The startling truth is that I drafted this blog post a week before the passing of Robin Williams, the world's funniest hero. I am choosing to still publish it anyway, because Robin's passing changed by opinion of the below post.
There is a universal currency which we all have. We all have the same amount, although it might be measured differently. On some days, we want more of it. Other days, we wish it could quickly pass us by.
This currency is time. Every day has such a limited amount of it. Each lifetime depends on the luxurious supply of it. Don't take time for granted. It's slipping away. Carefully choose how you use each minute you have on this earth. We all have goals for our time, be it productivity or bucket lists.
There are two types of ways to spend time: things we have to do, and things we want to do. Balance is definitely needed between the two. Serve your most profitable commitments. But also find time for the people who make you happy. I struggle every day with the balance between my two loves: friends and work.
I recently found myself sitting in a hospital waiting room with a friend, in the middle of the night, on a week day. I left the hospital early enough to still achieve all the work I needed. My energy didn't die out entirely. But that evening was still spent serving someone else, instead of working on something at 11pm. This was a chosen trade off. A guilty feeling is still lingering after the thought of switching away from the email inbox for an hour. But it was worth it. If I was in hospital, if something was wrong with me, I would be grateful to whoever is there. So I should do the same for others.
There are also conflicts of balance to resolve in the professional realm. We all have different priorities. My passions to balance are: the desire to learn, and the desire to help others with current skills or gifts. I definitely feel a need to learn better writing styles, and understand the processes or theories behind writing. But this study needs to be just a side project besides more profitable work.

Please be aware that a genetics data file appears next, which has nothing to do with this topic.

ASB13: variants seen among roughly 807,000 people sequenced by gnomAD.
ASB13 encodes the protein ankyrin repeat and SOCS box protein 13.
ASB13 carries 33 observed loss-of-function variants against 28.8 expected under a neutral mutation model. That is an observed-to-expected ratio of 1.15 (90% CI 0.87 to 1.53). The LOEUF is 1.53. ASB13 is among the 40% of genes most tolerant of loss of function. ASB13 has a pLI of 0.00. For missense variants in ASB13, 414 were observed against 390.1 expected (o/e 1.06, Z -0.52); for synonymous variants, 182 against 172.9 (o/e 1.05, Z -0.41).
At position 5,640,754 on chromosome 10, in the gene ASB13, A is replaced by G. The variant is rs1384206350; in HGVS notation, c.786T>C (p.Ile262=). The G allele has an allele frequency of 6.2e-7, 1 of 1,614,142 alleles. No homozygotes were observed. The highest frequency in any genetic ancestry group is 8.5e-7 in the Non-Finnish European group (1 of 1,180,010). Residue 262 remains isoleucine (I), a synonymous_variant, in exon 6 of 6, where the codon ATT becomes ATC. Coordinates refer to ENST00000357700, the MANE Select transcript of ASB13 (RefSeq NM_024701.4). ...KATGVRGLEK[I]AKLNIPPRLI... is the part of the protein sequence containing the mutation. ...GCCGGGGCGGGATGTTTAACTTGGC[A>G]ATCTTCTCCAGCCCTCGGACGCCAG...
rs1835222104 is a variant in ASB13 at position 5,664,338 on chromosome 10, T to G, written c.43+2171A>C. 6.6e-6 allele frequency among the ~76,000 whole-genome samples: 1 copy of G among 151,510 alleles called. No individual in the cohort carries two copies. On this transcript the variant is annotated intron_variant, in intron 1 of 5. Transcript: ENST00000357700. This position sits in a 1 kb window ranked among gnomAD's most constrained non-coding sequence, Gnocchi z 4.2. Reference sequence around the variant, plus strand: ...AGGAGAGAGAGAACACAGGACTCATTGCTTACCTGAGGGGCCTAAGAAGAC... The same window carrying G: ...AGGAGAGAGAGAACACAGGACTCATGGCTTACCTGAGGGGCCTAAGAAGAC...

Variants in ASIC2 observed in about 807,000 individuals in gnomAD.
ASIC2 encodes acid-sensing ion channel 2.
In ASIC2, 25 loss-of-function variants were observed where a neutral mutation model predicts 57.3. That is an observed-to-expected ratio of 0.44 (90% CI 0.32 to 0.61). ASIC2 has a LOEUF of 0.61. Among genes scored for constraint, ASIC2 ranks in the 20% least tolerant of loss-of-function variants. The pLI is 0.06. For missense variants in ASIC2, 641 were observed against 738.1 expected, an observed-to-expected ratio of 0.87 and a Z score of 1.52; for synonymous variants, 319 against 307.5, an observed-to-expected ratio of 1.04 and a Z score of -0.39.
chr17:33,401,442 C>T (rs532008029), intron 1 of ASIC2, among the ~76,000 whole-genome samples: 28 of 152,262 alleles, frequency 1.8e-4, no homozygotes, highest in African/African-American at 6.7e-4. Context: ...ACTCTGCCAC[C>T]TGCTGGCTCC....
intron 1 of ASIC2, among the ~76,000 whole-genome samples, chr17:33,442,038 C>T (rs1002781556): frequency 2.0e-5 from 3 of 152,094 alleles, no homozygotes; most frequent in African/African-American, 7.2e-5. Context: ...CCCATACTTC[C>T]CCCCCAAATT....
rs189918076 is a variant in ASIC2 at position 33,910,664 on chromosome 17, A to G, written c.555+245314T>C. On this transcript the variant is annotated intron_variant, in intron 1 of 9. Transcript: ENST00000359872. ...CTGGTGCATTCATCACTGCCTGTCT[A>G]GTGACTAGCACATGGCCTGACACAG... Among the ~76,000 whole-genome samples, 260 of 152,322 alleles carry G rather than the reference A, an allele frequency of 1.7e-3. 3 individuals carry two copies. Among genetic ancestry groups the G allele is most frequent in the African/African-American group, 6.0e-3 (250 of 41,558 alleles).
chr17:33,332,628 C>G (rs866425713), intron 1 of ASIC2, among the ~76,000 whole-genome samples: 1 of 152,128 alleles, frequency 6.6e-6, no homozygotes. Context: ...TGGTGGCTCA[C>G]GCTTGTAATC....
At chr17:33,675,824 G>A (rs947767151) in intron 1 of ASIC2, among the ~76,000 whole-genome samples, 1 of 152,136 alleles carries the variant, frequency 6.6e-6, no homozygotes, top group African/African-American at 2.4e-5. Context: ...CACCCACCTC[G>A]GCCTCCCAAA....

This above ideas are what I wrote a week or two ago. And I actually want to step back from this idea of treasuring every moment like it could be your last. That puts far too much pressure on the present second.
Robin could have knew he was filming his last scene. He must have perhaps had his last conversation, a last meal, whatever he did last before he was gone. You can't go treating everything like it is the last time.
I went through a phase of treating every conversation with a loved one, as though I would never hear from that person again. That placed so much pressure to have the 'perfect conversation.'
Should we really treat time like it is sand slipping through our fingers? Or should we just trust that more of it will exist when we need it? Time is more like a renewable resource than a perishable good. We will have just as much as we are meant to. No more, no less.
Instead of always living life like it was your last day, just live life. That's it. Just live like you know you should. Don't let a fear of the future change your present.